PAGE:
Written answers

Tuesday, 16 June 2020

Department of Justice and Equality

Court Procedures

Roderic O'Gorman (Dublin West, Green Party)
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372. To ask the Tánaiste and Minister for Justice and Equality the consideration given to amending the process for affirming oaths while Covid-19 restrictions are in place to allow this be done remotely; and if he will make a statement on the matter. [11260/20]

Photo of Charles FlanaganCharles Flanagan (Laois-Offaly, Fine Gael)
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I am aware that concerns have been raised about the requirement for affidavits to be signed and witnessed in person in the context of the current Covid-19 public health emergency.  I also appreciate that the current pandemic is an anxious and challenging time for many people and organisations.

There are statutory provisions that refer to the taking of affidavits, including section 5 of the Commissioners for Oaths Act 1889 and section 72 of the Solicitors (Amendment) Act 1994. Furthermore, rules and procedures for the taking of affidavits are set out in Order 40 Rule 5 of the Superior Courts Rules, Order 25 Rule 1 of the Circuit Court Rules and Order 50 Rule 2 of the District Court Rules.  Legislative changes would be required before changes in those procedures and rules could be brought about and only following careful consideration.

The Government approved drafting of the Courts and Civil Law (Miscellaneous Provisions) Bill 2020 in January last. It contains proposals to amend a number of courts-related Acts, including proposals for electronic submission and lodgement of documents and for a statement of truth mechanism.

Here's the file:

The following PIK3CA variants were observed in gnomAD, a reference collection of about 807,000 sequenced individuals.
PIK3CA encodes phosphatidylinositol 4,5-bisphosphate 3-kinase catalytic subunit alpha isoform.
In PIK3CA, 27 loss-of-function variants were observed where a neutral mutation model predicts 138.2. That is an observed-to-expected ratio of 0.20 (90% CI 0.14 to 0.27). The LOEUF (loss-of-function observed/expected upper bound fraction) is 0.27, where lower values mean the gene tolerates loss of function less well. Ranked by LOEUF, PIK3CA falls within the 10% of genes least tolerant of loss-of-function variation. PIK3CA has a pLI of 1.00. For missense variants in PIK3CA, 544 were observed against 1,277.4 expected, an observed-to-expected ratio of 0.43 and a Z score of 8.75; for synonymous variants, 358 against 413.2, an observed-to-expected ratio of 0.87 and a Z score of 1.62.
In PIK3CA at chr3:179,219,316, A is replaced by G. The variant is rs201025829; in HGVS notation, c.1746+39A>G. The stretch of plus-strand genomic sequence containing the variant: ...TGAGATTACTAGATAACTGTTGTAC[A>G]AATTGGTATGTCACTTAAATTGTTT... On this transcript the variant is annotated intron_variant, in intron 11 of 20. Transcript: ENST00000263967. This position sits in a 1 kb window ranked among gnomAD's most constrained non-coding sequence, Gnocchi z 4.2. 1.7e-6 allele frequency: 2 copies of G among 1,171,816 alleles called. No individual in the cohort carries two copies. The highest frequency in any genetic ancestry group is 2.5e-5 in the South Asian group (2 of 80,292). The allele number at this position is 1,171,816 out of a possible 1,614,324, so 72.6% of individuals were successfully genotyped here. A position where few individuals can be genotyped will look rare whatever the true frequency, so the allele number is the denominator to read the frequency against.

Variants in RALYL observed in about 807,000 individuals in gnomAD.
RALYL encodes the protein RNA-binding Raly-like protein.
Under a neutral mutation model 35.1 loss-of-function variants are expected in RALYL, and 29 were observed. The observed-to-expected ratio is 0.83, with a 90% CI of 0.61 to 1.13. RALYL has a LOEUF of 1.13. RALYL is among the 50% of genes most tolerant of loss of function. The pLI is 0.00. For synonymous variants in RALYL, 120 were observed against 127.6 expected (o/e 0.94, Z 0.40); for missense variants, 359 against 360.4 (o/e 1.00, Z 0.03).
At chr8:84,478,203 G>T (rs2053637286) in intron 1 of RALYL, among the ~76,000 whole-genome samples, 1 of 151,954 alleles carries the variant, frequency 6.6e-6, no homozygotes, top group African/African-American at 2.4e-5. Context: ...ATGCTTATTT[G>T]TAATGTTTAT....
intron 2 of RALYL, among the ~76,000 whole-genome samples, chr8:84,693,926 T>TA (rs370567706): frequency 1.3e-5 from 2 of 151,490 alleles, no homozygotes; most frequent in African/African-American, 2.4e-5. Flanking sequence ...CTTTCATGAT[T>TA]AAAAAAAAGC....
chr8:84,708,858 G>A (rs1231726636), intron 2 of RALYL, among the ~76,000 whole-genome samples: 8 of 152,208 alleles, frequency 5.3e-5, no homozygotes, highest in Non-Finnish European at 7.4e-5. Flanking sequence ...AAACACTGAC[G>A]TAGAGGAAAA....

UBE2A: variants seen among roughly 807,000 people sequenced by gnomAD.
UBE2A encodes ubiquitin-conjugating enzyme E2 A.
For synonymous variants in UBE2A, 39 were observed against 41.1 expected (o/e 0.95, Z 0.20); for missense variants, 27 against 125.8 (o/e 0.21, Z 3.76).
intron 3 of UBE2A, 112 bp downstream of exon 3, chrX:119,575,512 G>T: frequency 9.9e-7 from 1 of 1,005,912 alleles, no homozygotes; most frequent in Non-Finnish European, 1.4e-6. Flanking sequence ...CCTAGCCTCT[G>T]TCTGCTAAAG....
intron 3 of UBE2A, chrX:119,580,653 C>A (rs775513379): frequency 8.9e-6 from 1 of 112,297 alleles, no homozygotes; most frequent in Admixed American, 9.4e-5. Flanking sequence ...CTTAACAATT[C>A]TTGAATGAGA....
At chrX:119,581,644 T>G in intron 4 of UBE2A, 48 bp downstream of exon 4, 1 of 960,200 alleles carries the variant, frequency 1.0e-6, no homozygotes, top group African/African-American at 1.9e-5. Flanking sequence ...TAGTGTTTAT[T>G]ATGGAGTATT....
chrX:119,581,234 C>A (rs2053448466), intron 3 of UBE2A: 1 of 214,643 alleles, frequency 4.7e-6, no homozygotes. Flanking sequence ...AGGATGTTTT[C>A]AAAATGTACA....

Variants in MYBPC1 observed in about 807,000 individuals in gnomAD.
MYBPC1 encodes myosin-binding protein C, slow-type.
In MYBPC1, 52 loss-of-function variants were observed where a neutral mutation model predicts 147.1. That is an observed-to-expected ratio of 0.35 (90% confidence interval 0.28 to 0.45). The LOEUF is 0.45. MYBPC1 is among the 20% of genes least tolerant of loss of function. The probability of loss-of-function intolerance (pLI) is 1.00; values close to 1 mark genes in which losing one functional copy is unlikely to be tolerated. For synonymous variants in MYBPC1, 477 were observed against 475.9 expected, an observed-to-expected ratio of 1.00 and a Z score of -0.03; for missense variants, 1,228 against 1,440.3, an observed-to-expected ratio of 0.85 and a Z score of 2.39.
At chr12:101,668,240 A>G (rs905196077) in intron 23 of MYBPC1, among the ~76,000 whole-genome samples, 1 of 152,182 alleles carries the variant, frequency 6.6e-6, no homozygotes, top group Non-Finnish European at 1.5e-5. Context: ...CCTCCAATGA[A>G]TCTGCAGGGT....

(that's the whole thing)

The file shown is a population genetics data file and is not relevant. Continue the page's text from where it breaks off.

The Bill is being drafted at present.  In addition, my Department is currently examining statutory reforms in order to respond to the new challenges and address various issues connected to the legal process arising in the context of the current Covid-19 pandemic.

The Interpretation Act 2005 defines the word “oath” to allow a person to affirm instead of swearing an oath.  Any person who objects to taking an oath on the ground that they have no religious belief or that the taking of an oath is contrary to their religious belief may make an affirmation instead of taking an oath.  

Providers of legal services, like many businesses and organisations throughout the country that need to engage directly with the public must do so in compliance with public health guidelines. The Health and Safety Authority, the Health Service Executive (HSE), the Department of Health, and the Department of Business Enterprise and Innovation have published extensive information on working safely during the current health emergency.  The Department of Business Enterprise and Innovation have also established a helpline to support and advise businesses in adapting to the current challenges.  

I appreciate that these are difficult times for everyone and I would like to acknowledge the commitment, flexibility and innovation demonstrated by all involved in safely delivering continuity of access to justice during the current public health emergency.


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